ShapeShapeauthorShapecrossShapeShapeShapeGrouphamburgerhomeGroupmagnifyShapeShapeShapeShape

The complexities of equine respiratory infections

by
01 November 2015, at 12:00am

MARION McCULLAGH continues her reports from September’s BEVA congress with a review of two of the presentations on infectious respiratory diseases and methods of controlling them

IN the Thursday morning session at the BEVA congress on “Infectious diseases”, Dr Nicola Pusterla of the University of California, Davis described the maze of respiratory disease epidemiology.

His presentation was entitled “Ongoing challenges of common and less common equine respiratory pathogens”.

Upper respiratory tract disease (IURD) in horses is widespread and occurs commonly; outbreaks are seen most often in late autumn, winter and spring when there are high concentrations of young susceptible horses.

IURD is highly contagious: it spreads quickly by means of aerosol, droplets and fomites. The respiratory pathogens have a short incubation time and morbidity can reach 100% while mortality is low. Many factors such as age, immune status and the environment influence each individual’s response to the disease situation.

IURD assessment involves history, clinical examination, blood counts and antigen detection using nasal swabs. Viral disease shows up as mild anaemia and lymphopaenia during the acute phase while strangles and other bacterial diseases cause raised fibrinogen and leucocyte count at the time that the horse has a nasal discharge.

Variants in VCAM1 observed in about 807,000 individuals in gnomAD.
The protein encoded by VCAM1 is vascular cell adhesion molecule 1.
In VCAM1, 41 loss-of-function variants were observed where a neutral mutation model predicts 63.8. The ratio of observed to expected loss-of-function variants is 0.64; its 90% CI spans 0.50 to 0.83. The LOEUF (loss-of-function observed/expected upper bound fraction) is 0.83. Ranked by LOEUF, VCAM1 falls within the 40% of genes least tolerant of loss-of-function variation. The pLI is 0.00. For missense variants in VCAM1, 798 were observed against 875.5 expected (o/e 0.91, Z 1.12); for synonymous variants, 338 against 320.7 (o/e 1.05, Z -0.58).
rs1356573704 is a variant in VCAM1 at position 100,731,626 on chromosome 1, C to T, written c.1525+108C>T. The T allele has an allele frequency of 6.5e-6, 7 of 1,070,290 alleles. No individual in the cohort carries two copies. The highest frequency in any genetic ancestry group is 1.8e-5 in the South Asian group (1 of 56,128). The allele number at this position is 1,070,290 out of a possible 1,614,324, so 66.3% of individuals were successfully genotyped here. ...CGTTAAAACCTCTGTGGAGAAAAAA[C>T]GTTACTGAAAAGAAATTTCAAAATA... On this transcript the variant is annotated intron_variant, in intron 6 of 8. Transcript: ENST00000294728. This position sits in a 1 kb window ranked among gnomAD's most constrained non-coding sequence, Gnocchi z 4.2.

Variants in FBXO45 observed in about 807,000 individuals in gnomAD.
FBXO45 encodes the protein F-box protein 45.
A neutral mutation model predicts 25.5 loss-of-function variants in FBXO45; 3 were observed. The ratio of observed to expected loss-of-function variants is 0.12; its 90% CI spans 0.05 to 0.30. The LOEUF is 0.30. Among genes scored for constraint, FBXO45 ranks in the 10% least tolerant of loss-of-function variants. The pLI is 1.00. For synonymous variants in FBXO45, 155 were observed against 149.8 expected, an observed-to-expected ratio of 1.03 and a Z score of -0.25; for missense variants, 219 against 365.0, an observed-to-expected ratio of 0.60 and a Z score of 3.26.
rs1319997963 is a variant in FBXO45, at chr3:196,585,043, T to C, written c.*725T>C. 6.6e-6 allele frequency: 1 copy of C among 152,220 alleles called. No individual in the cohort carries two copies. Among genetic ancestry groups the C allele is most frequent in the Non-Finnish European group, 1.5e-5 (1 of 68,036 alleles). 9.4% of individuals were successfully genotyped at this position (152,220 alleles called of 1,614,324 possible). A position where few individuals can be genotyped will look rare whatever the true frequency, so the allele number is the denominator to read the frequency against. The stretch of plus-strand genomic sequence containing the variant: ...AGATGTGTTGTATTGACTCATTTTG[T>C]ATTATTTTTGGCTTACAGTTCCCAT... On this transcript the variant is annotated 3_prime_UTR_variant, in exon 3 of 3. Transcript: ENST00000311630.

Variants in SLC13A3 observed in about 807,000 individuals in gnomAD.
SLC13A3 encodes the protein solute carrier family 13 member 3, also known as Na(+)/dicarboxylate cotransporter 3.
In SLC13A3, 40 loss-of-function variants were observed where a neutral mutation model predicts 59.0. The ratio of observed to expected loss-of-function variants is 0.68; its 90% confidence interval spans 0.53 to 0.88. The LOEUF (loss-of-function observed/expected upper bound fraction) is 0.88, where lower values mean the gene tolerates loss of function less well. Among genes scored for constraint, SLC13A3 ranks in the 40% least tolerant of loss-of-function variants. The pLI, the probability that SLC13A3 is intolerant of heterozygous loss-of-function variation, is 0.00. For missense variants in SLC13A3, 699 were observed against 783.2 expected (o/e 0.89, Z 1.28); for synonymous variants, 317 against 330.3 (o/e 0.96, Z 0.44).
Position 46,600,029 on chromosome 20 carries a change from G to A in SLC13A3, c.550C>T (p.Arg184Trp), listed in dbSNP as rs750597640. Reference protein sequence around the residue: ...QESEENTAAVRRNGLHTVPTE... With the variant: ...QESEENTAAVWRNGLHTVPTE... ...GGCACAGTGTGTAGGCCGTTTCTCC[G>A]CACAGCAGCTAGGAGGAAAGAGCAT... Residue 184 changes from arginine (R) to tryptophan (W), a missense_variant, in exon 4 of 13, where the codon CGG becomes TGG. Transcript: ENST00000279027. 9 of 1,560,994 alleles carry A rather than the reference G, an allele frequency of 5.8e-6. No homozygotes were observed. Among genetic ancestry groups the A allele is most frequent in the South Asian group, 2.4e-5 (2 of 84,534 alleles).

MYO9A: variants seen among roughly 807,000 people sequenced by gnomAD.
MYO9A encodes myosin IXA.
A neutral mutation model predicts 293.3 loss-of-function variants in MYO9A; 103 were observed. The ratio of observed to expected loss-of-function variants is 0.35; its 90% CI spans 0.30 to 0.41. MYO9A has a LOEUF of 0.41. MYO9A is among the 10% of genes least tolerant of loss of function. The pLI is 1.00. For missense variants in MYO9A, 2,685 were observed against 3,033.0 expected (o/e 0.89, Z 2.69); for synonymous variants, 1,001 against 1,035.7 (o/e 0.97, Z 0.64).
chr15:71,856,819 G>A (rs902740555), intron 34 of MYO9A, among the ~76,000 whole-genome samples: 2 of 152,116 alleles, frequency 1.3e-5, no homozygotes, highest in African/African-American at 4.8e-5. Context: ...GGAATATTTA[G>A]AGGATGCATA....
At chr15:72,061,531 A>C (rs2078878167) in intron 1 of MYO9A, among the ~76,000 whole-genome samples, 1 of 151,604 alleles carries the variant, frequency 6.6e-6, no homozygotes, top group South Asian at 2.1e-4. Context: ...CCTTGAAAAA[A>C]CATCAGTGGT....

Quantitative polymerase chain reaction (qPCR) is the most effective diagnostic test. It is fast, sensitive, reliable and cost-effective. Nasopharyngeal swabs and guttural pouch lavage may be needed in investigation of equine flu (EIV) and strangles.

Biosurveillance carried out by the OIE showed that EIV exists in North America, Europe, South Africa and Japan only as the clade 1 strain of the Florida sublineage (H3N8). Clade 2 is present in Europe, India and China. Clade 2 showed up in three imported horses in the USA.

Horses are always on the move, globally, and they carry their diseases with them. A vaccinated horse can shed virus without showing clinical signs.

In the USA, EIV is seen in older horses and previously vaccinated horses. Regular re-vaccination with relevant virus at the recommended interval is essential to protect the population.

Major economic loss

Foals, weanlings and yearlings affected by Equine herpesvirus-1 (EHV- 1) and EHV-4 cause big economic loss. These important, ubiquitous viruses also cause clinical disease in adult animals. Infection with these Alphaherpes viruses can be followed by life-long latency with virus reactivation and shedding which may explain how disease outbreaks happen in closed populations.

EHV-1 and EHV-4 may be backed up by the immunosuppressive effects of EHV-2 and EHV-5 which are widespread in the horse population. EHV-2 and EHV-5 are optimally adapted to their host: they are found in both sick and healthy horses, in several different genetic variants. EHV-1 has been genetically classified into two strains: neuropathogenic D 752 and non-neuropathogenic N 752 but, in spite of the genotype, EHV-1 can cause the full spectrum of clinical syndromes: rhinopneumonitis, abortion, neonatal death and myeloencephalopathy.